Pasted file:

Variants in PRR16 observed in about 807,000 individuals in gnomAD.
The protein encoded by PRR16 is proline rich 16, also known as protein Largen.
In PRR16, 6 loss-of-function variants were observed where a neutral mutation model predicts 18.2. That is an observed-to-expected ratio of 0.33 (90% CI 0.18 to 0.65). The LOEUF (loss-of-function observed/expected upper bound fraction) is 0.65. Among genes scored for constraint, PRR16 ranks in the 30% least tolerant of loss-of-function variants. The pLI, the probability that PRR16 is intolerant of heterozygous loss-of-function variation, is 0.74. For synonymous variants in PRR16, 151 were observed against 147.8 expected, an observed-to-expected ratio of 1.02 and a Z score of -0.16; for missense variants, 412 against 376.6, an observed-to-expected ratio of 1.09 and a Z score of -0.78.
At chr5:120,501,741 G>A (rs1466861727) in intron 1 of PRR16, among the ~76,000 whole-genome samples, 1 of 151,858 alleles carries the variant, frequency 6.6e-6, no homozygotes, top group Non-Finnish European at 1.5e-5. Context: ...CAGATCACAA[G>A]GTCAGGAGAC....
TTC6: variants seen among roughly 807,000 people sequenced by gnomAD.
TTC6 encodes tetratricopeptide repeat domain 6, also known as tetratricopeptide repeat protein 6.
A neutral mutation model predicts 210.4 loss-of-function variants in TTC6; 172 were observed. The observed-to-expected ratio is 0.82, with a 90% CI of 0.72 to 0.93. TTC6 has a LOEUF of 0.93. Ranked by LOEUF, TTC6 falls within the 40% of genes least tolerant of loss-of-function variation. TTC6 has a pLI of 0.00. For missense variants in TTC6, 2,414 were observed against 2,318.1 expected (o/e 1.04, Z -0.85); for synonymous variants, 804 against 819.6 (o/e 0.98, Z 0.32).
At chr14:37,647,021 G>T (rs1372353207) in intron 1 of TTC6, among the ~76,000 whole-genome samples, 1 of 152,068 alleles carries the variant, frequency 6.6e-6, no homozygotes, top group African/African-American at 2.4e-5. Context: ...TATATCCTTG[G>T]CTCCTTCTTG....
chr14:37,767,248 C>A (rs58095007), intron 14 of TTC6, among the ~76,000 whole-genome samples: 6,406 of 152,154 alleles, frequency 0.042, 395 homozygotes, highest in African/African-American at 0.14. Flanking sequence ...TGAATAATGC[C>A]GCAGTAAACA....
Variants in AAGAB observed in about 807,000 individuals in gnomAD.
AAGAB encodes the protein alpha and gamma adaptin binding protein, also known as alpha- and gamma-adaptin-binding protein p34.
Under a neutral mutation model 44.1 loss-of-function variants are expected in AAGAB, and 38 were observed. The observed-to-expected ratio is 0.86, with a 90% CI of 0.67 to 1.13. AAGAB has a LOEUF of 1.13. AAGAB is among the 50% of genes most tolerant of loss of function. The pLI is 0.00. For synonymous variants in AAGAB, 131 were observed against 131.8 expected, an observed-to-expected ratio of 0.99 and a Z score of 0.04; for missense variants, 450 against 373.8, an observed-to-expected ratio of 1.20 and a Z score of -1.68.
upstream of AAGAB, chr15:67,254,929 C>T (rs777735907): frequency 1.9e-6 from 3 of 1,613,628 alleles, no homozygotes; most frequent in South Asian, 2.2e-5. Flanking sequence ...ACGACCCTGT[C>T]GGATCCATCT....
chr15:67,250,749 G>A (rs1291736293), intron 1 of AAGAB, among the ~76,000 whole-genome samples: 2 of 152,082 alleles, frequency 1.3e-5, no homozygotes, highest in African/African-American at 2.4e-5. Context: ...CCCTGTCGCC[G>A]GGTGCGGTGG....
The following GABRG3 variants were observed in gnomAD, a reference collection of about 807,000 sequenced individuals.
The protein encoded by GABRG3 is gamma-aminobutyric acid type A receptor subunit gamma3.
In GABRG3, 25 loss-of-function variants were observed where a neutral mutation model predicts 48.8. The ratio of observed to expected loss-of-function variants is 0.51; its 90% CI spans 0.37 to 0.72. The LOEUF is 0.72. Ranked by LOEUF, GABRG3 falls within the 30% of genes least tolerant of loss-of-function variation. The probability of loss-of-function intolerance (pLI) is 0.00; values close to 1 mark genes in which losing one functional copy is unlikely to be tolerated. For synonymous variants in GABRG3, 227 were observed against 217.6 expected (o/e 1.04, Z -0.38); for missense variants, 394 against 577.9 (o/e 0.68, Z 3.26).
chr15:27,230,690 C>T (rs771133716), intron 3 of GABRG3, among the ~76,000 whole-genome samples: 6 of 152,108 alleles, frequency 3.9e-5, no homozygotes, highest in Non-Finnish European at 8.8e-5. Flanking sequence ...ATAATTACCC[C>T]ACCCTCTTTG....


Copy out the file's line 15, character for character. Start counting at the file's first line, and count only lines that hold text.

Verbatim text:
The following GABRG3 variants were observed in gnomAD, a reference collection of about 807,000 sequenced individuals.